He went on: “Before he reached the peak of his academic career, he had a foray in the private sector and politics. He was appointed Chairman, Board of Directors of two international banks and was elected to represent Bori II Federal Constituency in the Constituent Assembly where he served as Chairman, Federal Accounts Committee. He also served as Member, National Constitutional Conference and Member, National Committee on Vision 2010 as well as serving on very important Committees in the development of Rivers State. He also contested and lost primaries for a senatorial seat. After these detours, he returned to academics like a prodigal son when he recognized that his throne lies in academics. And fortunately, he made it to the peak of his academic career.”
“Our people say a dog that does not go out will not be pregnant. Having travelled widely, Professor Walter Ollor was pregnant with ideas particularly on sustainable development of community and country.
“In fact, he published a book on Sustainable Development in honour of the second Vice-Chancellor of the University of Port Harcourt Professor Sylvanus J. S Cookey. His desire to ensure sustainable development of communities made him to become an active player in his community. In recognition of his contributions to community service, he and his beloved wife Helen were honoured with chieftaincy titles.
“His Royal Highness (HRH) Prof Walter Ollor is presently the Chairman, Walter Ollor Foundation which is focused on Education for Sustainable Development (ESD). I am aware of his efforts to establish a higher education institution on ESD.”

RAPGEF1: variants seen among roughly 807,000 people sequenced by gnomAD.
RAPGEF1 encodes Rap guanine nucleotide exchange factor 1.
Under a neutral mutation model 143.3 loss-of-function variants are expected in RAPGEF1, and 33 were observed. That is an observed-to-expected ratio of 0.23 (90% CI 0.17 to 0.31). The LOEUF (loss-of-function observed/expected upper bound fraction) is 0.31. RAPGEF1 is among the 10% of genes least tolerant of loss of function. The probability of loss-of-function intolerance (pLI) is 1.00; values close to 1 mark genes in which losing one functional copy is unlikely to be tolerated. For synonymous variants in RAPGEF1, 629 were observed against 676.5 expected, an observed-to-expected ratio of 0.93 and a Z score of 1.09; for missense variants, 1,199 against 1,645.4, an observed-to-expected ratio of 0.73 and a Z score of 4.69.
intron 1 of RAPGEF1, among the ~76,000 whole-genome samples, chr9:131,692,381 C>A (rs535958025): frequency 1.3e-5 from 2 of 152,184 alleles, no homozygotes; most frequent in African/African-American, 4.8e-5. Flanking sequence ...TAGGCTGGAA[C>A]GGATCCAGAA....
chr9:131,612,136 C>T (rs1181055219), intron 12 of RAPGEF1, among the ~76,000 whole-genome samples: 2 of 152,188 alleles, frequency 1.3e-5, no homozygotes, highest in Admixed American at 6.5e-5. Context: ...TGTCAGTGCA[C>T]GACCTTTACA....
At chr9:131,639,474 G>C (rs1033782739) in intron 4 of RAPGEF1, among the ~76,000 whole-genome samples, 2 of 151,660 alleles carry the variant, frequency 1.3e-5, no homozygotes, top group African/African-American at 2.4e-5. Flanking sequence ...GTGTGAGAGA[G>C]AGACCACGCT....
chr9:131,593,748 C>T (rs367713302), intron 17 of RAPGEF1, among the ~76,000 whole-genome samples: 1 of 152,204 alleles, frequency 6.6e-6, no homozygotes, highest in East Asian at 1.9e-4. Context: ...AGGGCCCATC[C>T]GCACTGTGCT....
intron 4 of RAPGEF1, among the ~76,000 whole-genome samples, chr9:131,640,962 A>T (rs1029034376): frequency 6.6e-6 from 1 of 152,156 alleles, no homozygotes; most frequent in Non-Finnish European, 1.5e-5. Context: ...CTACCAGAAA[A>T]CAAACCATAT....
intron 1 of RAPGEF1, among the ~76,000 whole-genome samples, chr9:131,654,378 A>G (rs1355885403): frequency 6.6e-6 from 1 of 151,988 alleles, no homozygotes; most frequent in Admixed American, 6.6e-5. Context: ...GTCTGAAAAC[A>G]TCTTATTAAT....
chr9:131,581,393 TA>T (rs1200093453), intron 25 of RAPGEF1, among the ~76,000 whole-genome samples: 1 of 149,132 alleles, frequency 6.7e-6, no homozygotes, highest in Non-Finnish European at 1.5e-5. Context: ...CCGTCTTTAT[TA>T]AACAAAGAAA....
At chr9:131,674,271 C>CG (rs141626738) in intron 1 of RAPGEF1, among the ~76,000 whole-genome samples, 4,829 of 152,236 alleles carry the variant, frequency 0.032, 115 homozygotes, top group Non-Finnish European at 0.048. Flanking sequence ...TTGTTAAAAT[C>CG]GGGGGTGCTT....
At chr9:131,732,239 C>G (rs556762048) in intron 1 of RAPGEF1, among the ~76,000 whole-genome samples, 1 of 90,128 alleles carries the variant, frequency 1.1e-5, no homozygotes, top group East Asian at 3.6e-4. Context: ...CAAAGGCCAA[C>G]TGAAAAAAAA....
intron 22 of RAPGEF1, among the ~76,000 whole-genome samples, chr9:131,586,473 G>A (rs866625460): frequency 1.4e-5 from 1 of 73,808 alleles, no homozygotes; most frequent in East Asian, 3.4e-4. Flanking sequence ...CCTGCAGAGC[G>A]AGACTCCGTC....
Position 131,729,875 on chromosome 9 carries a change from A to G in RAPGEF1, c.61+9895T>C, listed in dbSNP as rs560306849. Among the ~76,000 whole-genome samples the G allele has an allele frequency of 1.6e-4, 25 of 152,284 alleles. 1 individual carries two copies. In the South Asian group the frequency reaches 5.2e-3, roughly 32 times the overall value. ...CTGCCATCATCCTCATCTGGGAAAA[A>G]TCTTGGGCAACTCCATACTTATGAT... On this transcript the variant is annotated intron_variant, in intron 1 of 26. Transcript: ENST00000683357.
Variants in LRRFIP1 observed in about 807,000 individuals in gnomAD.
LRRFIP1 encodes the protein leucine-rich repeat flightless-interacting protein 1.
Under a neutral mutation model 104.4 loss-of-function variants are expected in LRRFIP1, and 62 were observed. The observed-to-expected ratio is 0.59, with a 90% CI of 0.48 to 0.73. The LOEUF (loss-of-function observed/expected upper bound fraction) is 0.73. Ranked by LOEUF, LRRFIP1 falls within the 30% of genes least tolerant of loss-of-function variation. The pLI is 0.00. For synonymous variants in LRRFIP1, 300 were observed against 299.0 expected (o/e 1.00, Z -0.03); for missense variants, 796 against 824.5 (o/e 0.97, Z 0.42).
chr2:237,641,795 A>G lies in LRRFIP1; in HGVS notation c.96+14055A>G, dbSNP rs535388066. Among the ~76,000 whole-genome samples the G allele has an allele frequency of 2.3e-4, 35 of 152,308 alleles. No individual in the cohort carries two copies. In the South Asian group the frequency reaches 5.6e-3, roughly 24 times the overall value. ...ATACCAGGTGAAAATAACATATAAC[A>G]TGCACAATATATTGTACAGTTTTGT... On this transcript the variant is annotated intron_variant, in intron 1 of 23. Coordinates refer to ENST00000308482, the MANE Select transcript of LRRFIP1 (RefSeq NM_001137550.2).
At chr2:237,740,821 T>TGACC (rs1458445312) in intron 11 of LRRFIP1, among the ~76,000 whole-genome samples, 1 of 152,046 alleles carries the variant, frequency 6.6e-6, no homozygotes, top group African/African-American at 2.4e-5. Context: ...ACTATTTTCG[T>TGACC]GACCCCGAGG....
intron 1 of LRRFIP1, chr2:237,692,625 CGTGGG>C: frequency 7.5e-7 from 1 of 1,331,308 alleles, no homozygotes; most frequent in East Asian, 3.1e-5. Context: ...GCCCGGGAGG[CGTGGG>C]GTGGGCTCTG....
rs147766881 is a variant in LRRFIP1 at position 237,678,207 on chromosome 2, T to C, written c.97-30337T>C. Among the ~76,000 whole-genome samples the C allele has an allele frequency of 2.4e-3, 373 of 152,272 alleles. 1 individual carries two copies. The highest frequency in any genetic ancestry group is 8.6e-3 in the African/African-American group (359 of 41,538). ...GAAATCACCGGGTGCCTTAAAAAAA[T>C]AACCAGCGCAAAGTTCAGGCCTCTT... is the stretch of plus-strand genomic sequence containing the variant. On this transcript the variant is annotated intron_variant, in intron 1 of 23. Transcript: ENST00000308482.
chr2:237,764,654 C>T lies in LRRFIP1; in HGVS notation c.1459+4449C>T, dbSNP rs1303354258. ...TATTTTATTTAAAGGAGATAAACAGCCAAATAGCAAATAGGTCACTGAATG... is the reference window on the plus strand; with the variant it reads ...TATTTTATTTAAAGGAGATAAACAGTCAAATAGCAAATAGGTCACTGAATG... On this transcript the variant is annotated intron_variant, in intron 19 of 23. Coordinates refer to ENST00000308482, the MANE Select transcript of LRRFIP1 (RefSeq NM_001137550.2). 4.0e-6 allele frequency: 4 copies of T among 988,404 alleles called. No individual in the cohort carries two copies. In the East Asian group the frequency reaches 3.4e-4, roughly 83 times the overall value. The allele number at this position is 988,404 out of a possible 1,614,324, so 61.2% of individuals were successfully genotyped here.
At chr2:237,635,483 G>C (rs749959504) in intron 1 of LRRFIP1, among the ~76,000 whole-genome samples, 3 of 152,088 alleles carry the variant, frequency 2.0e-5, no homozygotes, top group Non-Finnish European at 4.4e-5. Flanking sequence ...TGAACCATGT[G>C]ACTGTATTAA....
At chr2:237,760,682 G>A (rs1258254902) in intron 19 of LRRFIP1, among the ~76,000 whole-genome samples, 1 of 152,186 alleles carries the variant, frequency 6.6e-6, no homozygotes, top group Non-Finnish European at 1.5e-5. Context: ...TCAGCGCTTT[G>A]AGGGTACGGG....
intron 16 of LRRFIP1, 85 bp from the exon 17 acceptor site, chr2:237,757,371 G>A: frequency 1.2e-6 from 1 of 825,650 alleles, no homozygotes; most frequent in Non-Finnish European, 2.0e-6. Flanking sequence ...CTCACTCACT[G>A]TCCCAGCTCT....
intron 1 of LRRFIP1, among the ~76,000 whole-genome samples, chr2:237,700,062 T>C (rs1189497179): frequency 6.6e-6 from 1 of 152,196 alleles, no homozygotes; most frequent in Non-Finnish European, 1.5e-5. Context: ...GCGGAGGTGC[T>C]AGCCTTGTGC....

A panel of presenters tore through the book and the author’s life, even as his wife, Helen, sat calmly and laughed once in a while. The chief presenter, the retired chief justice of Rivers State, Justice Iche Ndu, said the book was written in simple and great style. Chief OCJ Okocha (SAN); said: “It’s a lesson in self-motivation and emotional influence. This is a family man indeed with tribute to Helen his wife and a long letter to his son. Chronicling the lives of great men helps young ones to choose better.”
Dr T.C. Osanakpo said the book teaches humility; and humility buys everything, it pays. “Humility is not timidity. The book is an appreciation of unsung heroes. Knowledge can make someone human capital”.
In his remarks, the author thrilled the audience with extra-crackers: “My father wanted me to be a lawyer and my sister who mentored me wanted me to be a doctor. I failed both of them.” He however said he had always stood for the environment up to representing Ogoni at the 1994 summit just after the Ogoni killings.
“My life was always threatened. Walter Ollor University will start soon. The governing council has been established. We have refused to use Elano money to build that university just to show character. The money will come from the outside.
He threw a bombshell in romance when he revealed that the new way to burrow into the innermost part of your wife’s heart is to wash her feet. “Wash your wife’s feet. It’s a new love and emotion”, he stated. He gave illustrations as someone who has been doing it and revealed his findings. The son and executive director of Walter Ollor Foundation, Atoaan Ollor, commended the dignitaries that found space to devote to the event in the hectic December ending period.